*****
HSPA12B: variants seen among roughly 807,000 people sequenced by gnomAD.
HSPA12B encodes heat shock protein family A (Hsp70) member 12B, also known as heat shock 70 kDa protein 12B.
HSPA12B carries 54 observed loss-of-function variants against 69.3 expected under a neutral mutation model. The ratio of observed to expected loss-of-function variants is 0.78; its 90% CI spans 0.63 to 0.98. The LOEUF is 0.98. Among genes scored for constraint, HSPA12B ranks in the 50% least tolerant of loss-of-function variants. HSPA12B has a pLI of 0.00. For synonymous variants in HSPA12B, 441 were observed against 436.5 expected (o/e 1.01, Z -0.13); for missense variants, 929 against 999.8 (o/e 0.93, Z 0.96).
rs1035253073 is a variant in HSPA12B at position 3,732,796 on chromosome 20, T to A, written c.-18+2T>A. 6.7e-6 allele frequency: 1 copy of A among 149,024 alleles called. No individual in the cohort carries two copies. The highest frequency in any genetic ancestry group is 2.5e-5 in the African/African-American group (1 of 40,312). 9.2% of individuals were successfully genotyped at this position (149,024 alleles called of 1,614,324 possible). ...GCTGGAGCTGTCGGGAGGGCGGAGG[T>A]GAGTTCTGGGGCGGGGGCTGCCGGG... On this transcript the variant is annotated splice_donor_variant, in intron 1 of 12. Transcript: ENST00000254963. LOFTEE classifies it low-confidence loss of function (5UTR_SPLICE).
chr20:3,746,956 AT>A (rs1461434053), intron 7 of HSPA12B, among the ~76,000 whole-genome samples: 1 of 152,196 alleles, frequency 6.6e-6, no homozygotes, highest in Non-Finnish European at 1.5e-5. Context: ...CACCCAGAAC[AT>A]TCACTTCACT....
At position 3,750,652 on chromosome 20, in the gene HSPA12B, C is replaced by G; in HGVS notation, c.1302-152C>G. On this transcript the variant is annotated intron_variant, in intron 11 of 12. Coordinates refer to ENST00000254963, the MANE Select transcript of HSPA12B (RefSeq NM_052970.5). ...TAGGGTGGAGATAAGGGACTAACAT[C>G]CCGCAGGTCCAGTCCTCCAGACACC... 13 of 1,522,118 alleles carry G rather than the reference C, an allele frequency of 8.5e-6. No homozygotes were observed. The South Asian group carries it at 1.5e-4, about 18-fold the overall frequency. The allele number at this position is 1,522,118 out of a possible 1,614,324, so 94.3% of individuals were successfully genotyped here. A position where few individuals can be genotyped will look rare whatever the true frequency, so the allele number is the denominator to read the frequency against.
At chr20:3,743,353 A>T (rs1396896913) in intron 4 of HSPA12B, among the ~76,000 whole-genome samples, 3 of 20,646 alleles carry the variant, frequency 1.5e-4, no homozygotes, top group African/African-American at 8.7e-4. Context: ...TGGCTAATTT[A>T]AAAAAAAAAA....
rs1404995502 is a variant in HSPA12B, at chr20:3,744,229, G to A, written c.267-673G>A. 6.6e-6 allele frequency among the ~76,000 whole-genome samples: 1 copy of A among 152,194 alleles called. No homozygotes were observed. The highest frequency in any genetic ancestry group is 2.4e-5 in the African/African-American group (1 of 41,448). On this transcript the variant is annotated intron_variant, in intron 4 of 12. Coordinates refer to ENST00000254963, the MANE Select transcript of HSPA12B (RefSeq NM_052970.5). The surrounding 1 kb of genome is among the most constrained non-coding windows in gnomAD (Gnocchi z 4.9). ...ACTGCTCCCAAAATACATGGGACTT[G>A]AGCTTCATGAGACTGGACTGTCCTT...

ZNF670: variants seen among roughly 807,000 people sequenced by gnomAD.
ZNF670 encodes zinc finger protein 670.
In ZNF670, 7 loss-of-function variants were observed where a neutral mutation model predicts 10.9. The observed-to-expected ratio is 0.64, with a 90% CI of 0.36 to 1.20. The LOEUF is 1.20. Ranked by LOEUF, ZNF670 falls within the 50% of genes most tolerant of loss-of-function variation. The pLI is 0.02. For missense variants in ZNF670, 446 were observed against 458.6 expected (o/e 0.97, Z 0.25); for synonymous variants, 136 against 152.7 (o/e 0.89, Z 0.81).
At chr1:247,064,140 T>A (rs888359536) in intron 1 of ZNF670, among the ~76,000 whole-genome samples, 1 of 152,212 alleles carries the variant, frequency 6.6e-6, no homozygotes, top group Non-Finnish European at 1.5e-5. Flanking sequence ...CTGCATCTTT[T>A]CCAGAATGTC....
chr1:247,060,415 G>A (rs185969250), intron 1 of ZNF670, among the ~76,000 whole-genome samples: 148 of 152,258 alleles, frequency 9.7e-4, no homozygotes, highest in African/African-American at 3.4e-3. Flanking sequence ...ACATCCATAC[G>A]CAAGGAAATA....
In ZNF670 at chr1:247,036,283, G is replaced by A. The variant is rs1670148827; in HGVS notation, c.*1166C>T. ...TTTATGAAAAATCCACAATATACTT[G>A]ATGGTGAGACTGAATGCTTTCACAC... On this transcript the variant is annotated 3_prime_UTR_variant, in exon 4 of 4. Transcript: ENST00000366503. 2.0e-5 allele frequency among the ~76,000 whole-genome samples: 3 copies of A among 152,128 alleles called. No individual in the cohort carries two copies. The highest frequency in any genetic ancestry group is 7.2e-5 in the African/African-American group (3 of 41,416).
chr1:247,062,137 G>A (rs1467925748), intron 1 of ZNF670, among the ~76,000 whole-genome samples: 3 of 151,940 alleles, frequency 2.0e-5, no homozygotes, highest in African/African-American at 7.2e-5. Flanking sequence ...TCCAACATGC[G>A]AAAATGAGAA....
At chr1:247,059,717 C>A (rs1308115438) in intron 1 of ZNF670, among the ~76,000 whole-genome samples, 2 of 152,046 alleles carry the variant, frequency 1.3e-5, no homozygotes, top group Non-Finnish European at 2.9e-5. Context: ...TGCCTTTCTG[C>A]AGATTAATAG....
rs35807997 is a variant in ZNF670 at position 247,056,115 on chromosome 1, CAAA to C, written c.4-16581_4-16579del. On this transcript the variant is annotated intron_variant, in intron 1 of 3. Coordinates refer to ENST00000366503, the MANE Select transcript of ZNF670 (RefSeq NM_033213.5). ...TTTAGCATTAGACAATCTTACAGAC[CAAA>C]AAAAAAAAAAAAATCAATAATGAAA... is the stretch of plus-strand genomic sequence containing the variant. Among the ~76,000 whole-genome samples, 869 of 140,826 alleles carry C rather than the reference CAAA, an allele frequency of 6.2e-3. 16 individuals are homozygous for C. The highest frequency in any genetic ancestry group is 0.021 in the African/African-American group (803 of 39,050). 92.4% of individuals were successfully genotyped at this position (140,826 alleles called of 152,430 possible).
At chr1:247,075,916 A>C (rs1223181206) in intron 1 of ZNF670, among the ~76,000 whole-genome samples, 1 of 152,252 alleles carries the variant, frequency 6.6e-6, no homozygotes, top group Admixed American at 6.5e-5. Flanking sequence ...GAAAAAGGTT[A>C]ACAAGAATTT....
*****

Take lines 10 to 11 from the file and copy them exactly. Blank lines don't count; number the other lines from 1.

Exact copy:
ZNF670 encodes zinc finger protein 670.
In ZNF670, 7 loss-of-function variants were observed where a neutral mutation model predicts 10.9. The observed-to-expected ratio is 0.64, with a 90% CI of 0.36 to 1.20. The LOEUF is 1.20. Ranked by LOEUF, ZNF670 falls within the 50% of genes most tolerant of loss-of-function variation. The pLI is 0.02. For missense variants in ZNF670, 446 were observed against 458.6 expected (o/e 0.97, Z 0.25); for synonymous variants, 136 against 152.7 (o/e 0.89, Z 0.81).